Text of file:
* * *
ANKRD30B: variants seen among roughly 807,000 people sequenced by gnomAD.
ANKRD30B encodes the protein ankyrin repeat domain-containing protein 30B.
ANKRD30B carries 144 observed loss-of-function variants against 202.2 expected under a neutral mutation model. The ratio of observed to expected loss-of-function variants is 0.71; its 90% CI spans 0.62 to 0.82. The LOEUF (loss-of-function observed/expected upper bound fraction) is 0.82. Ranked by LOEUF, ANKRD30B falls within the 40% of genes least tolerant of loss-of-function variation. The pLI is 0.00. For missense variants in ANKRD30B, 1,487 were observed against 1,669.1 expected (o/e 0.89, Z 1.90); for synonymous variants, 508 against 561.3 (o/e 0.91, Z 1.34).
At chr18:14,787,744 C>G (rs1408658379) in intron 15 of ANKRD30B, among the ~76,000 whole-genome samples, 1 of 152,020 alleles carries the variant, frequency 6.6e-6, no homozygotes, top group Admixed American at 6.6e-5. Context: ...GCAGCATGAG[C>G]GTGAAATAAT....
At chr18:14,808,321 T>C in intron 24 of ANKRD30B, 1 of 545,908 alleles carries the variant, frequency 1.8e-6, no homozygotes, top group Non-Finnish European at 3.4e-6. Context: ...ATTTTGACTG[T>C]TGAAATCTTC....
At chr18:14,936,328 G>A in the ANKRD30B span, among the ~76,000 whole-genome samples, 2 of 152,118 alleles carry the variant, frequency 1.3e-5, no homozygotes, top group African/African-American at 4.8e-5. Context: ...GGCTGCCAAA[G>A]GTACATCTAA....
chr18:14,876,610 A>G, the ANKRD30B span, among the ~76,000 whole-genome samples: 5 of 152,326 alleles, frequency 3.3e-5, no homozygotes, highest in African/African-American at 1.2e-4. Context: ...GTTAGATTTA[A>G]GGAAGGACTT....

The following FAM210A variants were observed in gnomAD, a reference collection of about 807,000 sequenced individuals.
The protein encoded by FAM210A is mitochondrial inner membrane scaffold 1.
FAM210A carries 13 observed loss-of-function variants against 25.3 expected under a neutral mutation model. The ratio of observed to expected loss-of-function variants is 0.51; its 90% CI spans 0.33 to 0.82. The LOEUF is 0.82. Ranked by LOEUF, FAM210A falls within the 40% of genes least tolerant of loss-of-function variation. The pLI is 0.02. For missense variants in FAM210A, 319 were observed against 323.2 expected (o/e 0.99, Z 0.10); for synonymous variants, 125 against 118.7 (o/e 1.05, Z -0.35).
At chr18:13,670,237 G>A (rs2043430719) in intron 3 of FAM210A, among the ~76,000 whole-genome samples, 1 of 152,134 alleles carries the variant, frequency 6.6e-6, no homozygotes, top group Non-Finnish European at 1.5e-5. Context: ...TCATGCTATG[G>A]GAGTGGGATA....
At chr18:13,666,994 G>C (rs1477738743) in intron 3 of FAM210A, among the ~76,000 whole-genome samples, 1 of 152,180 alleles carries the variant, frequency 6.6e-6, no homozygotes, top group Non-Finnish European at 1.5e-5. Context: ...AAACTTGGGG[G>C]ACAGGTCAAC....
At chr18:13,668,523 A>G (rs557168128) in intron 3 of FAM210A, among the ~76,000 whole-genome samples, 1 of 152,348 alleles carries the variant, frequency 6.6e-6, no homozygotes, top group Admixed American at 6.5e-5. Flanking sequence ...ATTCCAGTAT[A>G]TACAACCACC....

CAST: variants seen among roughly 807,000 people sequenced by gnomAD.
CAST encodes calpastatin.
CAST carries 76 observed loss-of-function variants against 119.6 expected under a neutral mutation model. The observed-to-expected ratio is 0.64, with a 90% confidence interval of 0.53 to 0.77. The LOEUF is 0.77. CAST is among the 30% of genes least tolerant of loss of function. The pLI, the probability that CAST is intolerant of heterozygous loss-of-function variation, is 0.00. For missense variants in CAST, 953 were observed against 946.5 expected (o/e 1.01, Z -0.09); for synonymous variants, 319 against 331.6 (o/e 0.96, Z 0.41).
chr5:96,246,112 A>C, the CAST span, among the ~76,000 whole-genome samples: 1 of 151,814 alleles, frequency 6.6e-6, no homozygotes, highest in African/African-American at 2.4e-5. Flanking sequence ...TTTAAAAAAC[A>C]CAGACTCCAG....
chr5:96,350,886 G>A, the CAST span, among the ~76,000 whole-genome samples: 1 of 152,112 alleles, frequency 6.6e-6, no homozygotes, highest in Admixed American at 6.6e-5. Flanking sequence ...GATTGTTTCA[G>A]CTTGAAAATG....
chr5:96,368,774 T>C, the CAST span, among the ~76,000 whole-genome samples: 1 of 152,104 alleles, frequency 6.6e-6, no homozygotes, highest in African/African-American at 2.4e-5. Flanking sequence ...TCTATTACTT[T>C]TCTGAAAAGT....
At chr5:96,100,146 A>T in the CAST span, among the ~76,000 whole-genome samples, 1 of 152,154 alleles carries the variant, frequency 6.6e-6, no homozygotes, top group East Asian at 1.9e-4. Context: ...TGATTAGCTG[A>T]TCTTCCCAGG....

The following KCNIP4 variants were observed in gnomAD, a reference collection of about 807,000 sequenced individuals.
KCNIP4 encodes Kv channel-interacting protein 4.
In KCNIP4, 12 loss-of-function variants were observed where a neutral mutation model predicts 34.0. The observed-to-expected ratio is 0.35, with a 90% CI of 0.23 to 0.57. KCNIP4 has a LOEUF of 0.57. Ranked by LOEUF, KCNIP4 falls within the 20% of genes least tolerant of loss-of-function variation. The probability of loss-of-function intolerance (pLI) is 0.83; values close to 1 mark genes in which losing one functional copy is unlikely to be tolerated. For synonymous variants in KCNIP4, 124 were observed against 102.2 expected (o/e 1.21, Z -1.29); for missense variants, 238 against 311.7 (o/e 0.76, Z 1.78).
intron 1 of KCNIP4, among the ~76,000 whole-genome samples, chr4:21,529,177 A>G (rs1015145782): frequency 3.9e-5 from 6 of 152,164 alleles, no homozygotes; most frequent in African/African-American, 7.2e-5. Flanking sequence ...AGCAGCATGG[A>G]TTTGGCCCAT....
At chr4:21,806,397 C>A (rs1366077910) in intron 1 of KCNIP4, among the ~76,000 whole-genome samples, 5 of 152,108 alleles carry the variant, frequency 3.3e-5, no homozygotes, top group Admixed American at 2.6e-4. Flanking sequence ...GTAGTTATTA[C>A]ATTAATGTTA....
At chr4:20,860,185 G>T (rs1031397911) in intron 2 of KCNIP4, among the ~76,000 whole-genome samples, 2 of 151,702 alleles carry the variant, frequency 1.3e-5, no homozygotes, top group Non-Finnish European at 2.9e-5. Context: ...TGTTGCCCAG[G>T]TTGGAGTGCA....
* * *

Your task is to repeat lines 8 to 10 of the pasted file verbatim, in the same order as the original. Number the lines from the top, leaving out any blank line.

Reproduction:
The following FAM210A variants were observed in gnomAD, a reference collection of about 807,000 sequenced individuals.
The protein encoded by FAM210A is mitochondrial inner membrane scaffold 1.
FAM210A carries 13 observed loss-of-function variants against 25.3 expected under a neutral mutation model. The ratio of observed to expected loss-of-function variants is 0.51; its 90% CI spans 0.33 to 0.82. The LOEUF is 0.82. Ranked by LOEUF, FAM210A falls within the 40% of genes least tolerant of loss-of-function variation. The pLI is 0.02. For missense variants in FAM210A, 319 were observed against 323.2 expected (o/e 0.99, Z 0.10); for synonymous variants, 125 against 118.7 (o/e 1.05, Z -0.35).